Matt Corral: A Day 3 QB Destined for Day 2
NFL Draft - In a class littered with bizarre quarterback prospects, Ole Miss' Matt Corral stands above the pack. The offense Corral played in tells us little to nothing about how he can process in the pros, while his tools are clearly enticing but not quite those of a legitimate lottery ticket type of prospect. He is an RPO merchant with impressive (albeit inconsistent and incomplete) physical gifts. Perhaps that sort of player is just white noise in a better class, but in this one, Corral has earned the reputation of a blank canvas worth a premium pick.
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Ole Miss' scheme is the leading factor in Corral's bizarre profile. A majority of the Rebels' passing offense is rooted in play action and RPOs (run-pass options). That's becoming true of more and more college offenses now, but it has not been an issue with a high-profile prospect quite to the degree that it is with Corral. Even Tua Tagovailoa's case of RPO dependence coming out of Alabama was not as dramatic as this.
A good chunk of the Mississippi offense looks like this. Cheap fake, reset, let it rip. Corral just has to read one play-side defender and replace him with the ball if he comes up to play the run.
To be fair, Lane Kiffin designed many of these RPOs to be fairly aggressive and attack the second and third levels of the defense. Corral has the right skill set for these concepts too. He resets quickly and cleanly out of play fakes, he sports a rapid-fire release, and he throws a tight spiral. Still, these RPOs are pared-down concepts from a quarterback processing standpoint and they make up an unprecedented portion of Corral's catalog.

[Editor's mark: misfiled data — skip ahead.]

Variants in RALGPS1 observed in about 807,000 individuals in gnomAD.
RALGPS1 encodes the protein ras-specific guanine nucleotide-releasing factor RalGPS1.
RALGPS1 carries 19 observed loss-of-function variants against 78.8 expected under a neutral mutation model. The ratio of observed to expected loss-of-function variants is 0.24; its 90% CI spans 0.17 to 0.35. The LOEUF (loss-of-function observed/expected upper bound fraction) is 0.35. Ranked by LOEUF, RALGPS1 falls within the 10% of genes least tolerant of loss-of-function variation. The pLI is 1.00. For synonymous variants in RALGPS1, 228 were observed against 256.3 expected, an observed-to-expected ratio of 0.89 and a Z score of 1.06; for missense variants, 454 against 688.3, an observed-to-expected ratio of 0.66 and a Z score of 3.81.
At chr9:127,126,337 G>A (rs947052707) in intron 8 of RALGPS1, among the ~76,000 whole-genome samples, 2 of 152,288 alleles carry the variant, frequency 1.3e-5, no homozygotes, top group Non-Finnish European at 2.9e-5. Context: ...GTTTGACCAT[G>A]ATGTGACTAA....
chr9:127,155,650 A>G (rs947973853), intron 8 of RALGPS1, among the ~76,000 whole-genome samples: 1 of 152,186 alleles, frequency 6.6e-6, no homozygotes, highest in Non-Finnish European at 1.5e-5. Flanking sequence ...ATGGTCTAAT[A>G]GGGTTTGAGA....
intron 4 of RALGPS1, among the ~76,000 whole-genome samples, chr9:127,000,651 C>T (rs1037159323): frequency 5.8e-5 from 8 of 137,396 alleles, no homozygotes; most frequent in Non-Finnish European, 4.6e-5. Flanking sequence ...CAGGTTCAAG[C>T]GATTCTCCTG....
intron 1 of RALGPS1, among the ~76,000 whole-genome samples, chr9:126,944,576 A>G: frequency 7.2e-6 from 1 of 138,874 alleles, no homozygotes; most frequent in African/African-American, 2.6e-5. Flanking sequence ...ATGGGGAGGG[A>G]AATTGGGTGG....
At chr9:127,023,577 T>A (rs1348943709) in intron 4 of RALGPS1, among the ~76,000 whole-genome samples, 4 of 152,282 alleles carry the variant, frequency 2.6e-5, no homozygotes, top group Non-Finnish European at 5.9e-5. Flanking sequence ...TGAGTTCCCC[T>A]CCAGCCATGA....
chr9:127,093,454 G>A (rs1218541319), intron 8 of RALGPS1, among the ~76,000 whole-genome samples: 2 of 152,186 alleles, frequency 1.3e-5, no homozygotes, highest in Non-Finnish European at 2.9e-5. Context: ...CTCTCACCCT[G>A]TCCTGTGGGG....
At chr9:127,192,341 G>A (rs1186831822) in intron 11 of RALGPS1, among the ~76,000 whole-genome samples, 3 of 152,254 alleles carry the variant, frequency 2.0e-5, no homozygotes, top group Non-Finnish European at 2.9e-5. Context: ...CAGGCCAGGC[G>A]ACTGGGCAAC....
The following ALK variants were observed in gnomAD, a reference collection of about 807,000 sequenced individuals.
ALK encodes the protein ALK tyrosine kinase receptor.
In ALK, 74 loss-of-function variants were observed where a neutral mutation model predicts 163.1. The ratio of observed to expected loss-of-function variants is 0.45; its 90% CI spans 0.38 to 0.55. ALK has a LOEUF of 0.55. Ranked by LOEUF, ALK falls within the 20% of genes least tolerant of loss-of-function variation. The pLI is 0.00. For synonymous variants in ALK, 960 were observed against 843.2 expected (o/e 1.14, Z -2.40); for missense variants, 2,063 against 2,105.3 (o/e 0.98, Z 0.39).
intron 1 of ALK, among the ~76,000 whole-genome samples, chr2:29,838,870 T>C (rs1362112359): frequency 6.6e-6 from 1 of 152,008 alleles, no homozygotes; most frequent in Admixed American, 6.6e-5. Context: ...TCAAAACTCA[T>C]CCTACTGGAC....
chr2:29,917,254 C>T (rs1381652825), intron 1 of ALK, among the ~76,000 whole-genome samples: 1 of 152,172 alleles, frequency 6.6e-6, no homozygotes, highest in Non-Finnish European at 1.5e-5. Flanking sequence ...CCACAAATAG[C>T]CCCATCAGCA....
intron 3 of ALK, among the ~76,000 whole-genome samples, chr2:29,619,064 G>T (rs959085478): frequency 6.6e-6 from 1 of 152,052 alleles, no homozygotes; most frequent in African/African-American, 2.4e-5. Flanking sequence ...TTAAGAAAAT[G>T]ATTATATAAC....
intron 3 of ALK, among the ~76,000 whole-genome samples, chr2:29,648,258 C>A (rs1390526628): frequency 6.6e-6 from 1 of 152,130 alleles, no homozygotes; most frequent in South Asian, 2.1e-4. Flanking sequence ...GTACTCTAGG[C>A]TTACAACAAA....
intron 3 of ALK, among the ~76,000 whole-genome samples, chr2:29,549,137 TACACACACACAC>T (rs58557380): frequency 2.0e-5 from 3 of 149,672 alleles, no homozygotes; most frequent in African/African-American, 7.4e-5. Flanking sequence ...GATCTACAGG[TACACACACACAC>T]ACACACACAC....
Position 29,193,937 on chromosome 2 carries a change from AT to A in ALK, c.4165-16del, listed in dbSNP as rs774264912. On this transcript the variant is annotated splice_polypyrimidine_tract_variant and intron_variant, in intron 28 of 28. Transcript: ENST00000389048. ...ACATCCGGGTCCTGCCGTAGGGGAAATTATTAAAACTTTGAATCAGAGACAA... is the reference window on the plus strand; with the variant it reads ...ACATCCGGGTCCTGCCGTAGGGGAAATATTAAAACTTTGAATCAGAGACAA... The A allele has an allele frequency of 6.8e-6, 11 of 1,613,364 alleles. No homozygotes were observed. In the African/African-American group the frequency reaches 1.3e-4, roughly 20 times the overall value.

In turn, legit dropback opportunities came few and far between when watching Corral compared to his peers. The offense's bag of dropback concepts was not very deep, either. Between the play-action/RPO reliance and lack of diversity in dropback concepts, Corral leaves college with a lot to be desired from a processing and decision-making standpoint. Corral's chances to prove himself as an NFL processor were limited and he too often came to confusing decisions when left to his own devices.
It does not make sense for Corral to throw this seam ball. Once the safety rolls down to match the shift before the snap, Alabama clearly shows Corral a one-high shell, and they commit to that post-snap. Corral is not necessarily obligated to throw the 1-on-1 out route to his left—there's nothing wrong with passing over it if he thinks it's covered—but whipping back to throw the post without hesitation is not sensible considering Alabama's coverage. Corral would have been better off throwing the high corner route or giving up on the concept entirely to make a play outside the pocket. Throwing the post the way he did is an easy way to throw interceptions in the NFL.
Corral also gives up on the middle of the field too easily when asked to read a full progression. He is plenty aggressive on RPOs over the middle and has the arm talent to fit all of those throws, so neither of those aspects are the problem. Rather, Corral just does not seem comfortable holding onto the ball for that long in the pocket and delivering with confidence late in the down. He wants to either have the ball out on rhythm right away or take off to make something happen outside the pocket.
Arkansas' defense is in a Cover-1 call with a five-man pressure up front. That means there is no middle rat defender underneath, only a deep centerfielder. It appears on film that Corral sees how high the slot cornerback to the left is playing and watches the middle linebacker sprint down to match the running back out of the backfield. The pocket is plenty clean as Corral reaches the top of his drop, too, thanks to the running back giving the left tackle some chip help. Corral has all the conditions to throw the crosser to the slot receiver over the middle, but instead panics to flip a checkdown to a covered running back for no gain.